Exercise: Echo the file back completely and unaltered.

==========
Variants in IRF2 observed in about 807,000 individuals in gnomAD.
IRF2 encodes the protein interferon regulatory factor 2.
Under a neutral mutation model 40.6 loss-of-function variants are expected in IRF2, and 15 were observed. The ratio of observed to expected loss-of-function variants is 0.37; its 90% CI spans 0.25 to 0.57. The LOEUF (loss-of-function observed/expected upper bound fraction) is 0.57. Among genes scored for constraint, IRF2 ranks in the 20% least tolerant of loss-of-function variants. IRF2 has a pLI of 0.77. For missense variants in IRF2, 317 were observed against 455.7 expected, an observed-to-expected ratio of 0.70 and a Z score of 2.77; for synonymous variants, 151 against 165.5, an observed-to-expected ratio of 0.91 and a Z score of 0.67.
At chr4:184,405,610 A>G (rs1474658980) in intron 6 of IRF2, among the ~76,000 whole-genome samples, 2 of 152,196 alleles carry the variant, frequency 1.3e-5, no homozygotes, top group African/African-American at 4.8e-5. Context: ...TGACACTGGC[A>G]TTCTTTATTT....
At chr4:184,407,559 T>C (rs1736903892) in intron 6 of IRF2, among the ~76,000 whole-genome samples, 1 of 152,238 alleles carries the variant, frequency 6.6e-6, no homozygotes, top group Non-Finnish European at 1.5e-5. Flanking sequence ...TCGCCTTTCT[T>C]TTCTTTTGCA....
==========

Variants in IRF2 observed in about 807,000 individuals in gnomAD.
IRF2 encodes the protein interferon regulatory factor 2.
Under a neutral mutation model 40.6 loss-of-function variants are expected in IRF2, and 15 were observed. The ratio of observed to expected loss-of-function variants is 0.37; its 90% CI spans 0.25 to 0.57. The LOEUF (loss-of-function observed/expected upper bound fraction) is 0.57. Among genes scored for constraint, IRF2 ranks in the 20% least tolerant of loss-of-function variants. IRF2 has a pLI of 0.77. For missense variants in IRF2, 317 were observed against 455.7 expected, an observed-to-expected ratio of 0.70 and a Z score of 2.77; for synonymous variants, 151 against 165.5, an observed-to-expected ratio of 0.91 and a Z score of 0.67.
At chr4:184,405,610 A>G (rs1474658980) in intron 6 of IRF2, among the ~76,000 whole-genome samples, 2 of 152,196 alleles carry the variant, frequency 1.3e-5, no homozygotes, top group African/African-American at 4.8e-5. Context: ...TGACACTGGC[A>G]TTCTTTATTT....
At chr4:184,407,559 T>C (rs1736903892) in intron 6 of IRF2, among the ~76,000 whole-genome samples, 1 of 152,238 alleles carries the variant, frequency 6.6e-6, no homozygotes, top group Non-Finnish European at 1.5e-5. Flanking sequence ...TCGCCTTTCT[T>C]TTCTTTTGCA....